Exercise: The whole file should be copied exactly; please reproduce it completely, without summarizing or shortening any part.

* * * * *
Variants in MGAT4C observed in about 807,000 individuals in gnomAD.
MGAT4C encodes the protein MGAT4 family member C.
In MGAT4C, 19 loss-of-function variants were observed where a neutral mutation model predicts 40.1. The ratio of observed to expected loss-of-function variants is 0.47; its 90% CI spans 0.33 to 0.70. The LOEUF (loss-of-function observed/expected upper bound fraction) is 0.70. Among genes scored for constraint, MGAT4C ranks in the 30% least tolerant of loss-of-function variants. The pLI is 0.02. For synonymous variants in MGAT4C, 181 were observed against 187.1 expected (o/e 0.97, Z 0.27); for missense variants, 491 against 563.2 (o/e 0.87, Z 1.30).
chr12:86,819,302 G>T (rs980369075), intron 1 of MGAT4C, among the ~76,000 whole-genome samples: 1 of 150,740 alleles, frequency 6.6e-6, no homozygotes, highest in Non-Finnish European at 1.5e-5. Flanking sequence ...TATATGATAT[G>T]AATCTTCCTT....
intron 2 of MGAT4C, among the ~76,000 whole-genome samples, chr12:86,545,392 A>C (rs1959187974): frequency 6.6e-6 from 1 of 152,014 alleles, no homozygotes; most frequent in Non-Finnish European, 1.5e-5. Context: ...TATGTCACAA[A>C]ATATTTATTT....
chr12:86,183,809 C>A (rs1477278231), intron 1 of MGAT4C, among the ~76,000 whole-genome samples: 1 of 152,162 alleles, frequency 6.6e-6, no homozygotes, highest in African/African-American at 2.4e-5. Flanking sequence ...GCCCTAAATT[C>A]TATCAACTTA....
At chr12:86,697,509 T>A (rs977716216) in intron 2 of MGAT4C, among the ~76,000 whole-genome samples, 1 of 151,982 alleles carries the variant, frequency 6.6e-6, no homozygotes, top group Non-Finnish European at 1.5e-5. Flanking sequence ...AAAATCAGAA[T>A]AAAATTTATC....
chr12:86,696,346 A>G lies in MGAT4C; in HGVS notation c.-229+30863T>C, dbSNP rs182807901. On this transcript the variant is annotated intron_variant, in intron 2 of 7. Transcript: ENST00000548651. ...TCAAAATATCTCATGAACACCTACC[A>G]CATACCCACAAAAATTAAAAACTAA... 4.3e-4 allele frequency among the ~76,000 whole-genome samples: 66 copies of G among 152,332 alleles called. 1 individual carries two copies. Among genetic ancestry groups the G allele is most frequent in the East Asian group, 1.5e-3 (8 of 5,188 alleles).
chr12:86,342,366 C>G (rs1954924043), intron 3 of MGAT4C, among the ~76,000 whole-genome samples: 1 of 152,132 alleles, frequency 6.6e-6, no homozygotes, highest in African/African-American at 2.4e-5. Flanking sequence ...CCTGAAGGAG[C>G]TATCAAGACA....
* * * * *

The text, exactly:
Variants in MGAT4C observed in about 807,000 individuals in gnomAD.
MGAT4C encodes the protein MGAT4 family member C.
In MGAT4C, 19 loss-of-function variants were observed where a neutral mutation model predicts 40.1. The ratio of observed to expected loss-of-function variants is 0.47; its 90% CI spans 0.33 to 0.70. The LOEUF (loss-of-function observed/expected upper bound fraction) is 0.70. Among genes scored for constraint, MGAT4C ranks in the 30% least tolerant of loss-of-function variants. The pLI is 0.02. For synonymous variants in MGAT4C, 181 were observed against 187.1 expected (o/e 0.97, Z 0.27); for missense variants, 491 against 563.2 (o/e 0.87, Z 1.30).
chr12:86,819,302 G>T (rs980369075), intron 1 of MGAT4C, among the ~76,000 whole-genome samples: 1 of 150,740 alleles, frequency 6.6e-6, no homozygotes, highest in Non-Finnish European at 1.5e-5. Flanking sequence ...TATATGATAT[G>T]AATCTTCCTT....
intron 2 of MGAT4C, among the ~76,000 whole-genome samples, chr12:86,545,392 A>C (rs1959187974): frequency 6.6e-6 from 1 of 152,014 alleles, no homozygotes; most frequent in Non-Finnish European, 1.5e-5. Context: ...TATGTCACAA[A>C]ATATTTATTT....
chr12:86,183,809 C>A (rs1477278231), intron 1 of MGAT4C, among the ~76,000 whole-genome samples: 1 of 152,162 alleles, frequency 6.6e-6, no homozygotes, highest in African/African-American at 2.4e-5. Flanking sequence ...GCCCTAAATT[C>A]TATCAACTTA....
At chr12:86,697,509 T>A (rs977716216) in intron 2 of MGAT4C, among the ~76,000 whole-genome samples, 1 of 151,982 alleles carries the variant, frequency 6.6e-6, no homozygotes, top group Non-Finnish European at 1.5e-5. Flanking sequence ...AAAATCAGAA[T>A]AAAATTTATC....
chr12:86,696,346 A>G lies in MGAT4C; in HGVS notation c.-229+30863T>C, dbSNP rs182807901. On this transcript the variant is annotated intron_variant, in intron 2 of 7. Transcript: ENST00000548651. ...TCAAAATATCTCATGAACACCTACC[A>G]CATACCCACAAAAATTAAAAACTAA... 4.3e-4 allele frequency among the ~76,000 whole-genome samples: 66 copies of G among 152,332 alleles called. 1 individual carries two copies. Among genetic ancestry groups the G allele is most frequent in the East Asian group, 1.5e-3 (8 of 5,188 alleles).
chr12:86,342,366 C>G (rs1954924043), intron 3 of MGAT4C, among the ~76,000 whole-genome samples: 1 of 152,132 alleles, frequency 6.6e-6, no homozygotes, highest in African/African-American at 2.4e-5. Flanking sequence ...CCTGAAGGAG[C>G]TATCAAGACA....